Cases of Policy Formulation

An interesting case illustrates the meshing of the two roles. Stansfield Turner, Director of the Central Intelligence Agency (CIA) during the Carter administration, has described his role in policy formulation: He brought what he, in his professional judgment, considered valid, focused, empirical, and timely analytical reports to the policy-makers around the President. He would speak only to the technical aspects, recognizing explicitly that he was not a policy-maker, but a policy analyst. The hearings around the nomination of Robert Gates to CIA turned on whether Gates, a career professional in CIA, participated in an organization-wide effort to "cook the books," distort the analysis to influence the decisions by the policy makers. The uniquely open Senate confirmation hearings painted a picture of career CIA professionals like Turner as essentially authors of technical reports, an activity somewhat similar to what students know as "term papers." Gates was confirmed.

Policy statements often provide only the appearance of a genuine effort to solve whatever problem has been placed on the agenda. A particular policy may be put forward as a ploy: a manipulation of the Public Policy process for strictly political ends and not a genuine attempt to address the issue placed on the agenda. For example, rather than take the unpleasant constituent reaction to budget-cutting, some may prefer instead to staunchly advocate a Constitutional amendment forbidding deficit spending, which would take years and is unlikely anyway. Political officials who choose the harder road of fiscal restraint may find this not only politically disadvantageous, but may be victimized by the distorted rhetoric of an opponent advocating the empty slogan of a Constitutional amendment. A related machination is to back a policy which is designed solely to confuse constituents into assuming that their issue is being addressed when, in fact, it is merely being avoided. Frequently, the task at hand is defined as getting a constituency off a public official's back, keeping the media at bay, or just waiting for the problem to fade away. Be wary of pseudo-alternatives which appear to address the issue, but really provide only lip service, partisan political advantage, delay, avoidance, or temporary amelioration.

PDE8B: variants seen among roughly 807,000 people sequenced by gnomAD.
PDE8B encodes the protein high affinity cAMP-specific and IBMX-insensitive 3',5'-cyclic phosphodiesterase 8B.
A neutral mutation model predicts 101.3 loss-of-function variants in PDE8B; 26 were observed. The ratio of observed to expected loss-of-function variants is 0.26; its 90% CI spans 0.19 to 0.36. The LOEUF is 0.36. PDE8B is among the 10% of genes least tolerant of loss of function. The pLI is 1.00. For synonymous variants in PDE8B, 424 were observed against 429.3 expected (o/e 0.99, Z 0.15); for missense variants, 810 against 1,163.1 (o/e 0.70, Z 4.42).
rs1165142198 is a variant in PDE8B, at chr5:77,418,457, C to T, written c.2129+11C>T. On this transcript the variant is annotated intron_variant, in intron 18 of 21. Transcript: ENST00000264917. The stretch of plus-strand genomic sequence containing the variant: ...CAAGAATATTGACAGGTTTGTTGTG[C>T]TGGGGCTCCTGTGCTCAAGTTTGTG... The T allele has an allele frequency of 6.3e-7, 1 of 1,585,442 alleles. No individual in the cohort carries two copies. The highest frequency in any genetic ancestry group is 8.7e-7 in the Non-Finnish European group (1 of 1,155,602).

An example which illustrates the distinction between a distorted statement of policy and actual policy is the posture of the American military in the attempted coup in Panama in October, 1989. At a news conference, remarks by President Bush appeared to have invited such a coup by the Panamanian Defense Forces. His build-up of American forces in Panama contributed to this widely shared impression. A coup attempt soon followed by the PDF. American forces did not play a role and the coup failed. Did the rebel military officers in Panama take the policy statement as an intention to act? They said they did.

President Kennedy had similarly misled Cubans in the U.S.A. when he withdrew his promise of air support during the Bay of Pigs fiasco. The makeshift armada of Cuban-Americans from Florida expected that the President would use the invasion as a pretext for American military involvement, thus assuring their victory and the ouster of Fidel Castro, Cuba's dictator. Kennedy deeply regretted the action, blamed the CIA for bad advice, and drastically overhauled his decision making process, incorporating more diverse and generalist views in lieu of purely technical advisors. The mistake drove now embittered Cuban-Americans into the Republican party.

A final case in point involves President Lyndon Baines Johnson's decision to mount a War on Poverty as part of his Great Society program, emulating the New Deal. According to Sargent Shriver, the brother-in-law to the late President Kennedy and founder of the successful Peace Corps, President Johnson relentlessly persuaded him to head the envisioned poverty program. Skeptical, Shriver asked for details and was amazed to discover that Johnson, a former Senator and supremely crafty legislator, was sure of authorization, had skipped the analytical phase entirely, and simply expected Shriver to make the policy work during the implementation stage. The subsequent evaluation of the whole effort was that it had basically failed as a policy plan, but had created some successful programs, such as Head Start, a federally funded pre-school intervention program for poor families.

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Initialized: July 11, 2001 | Last Update: 06/01/2014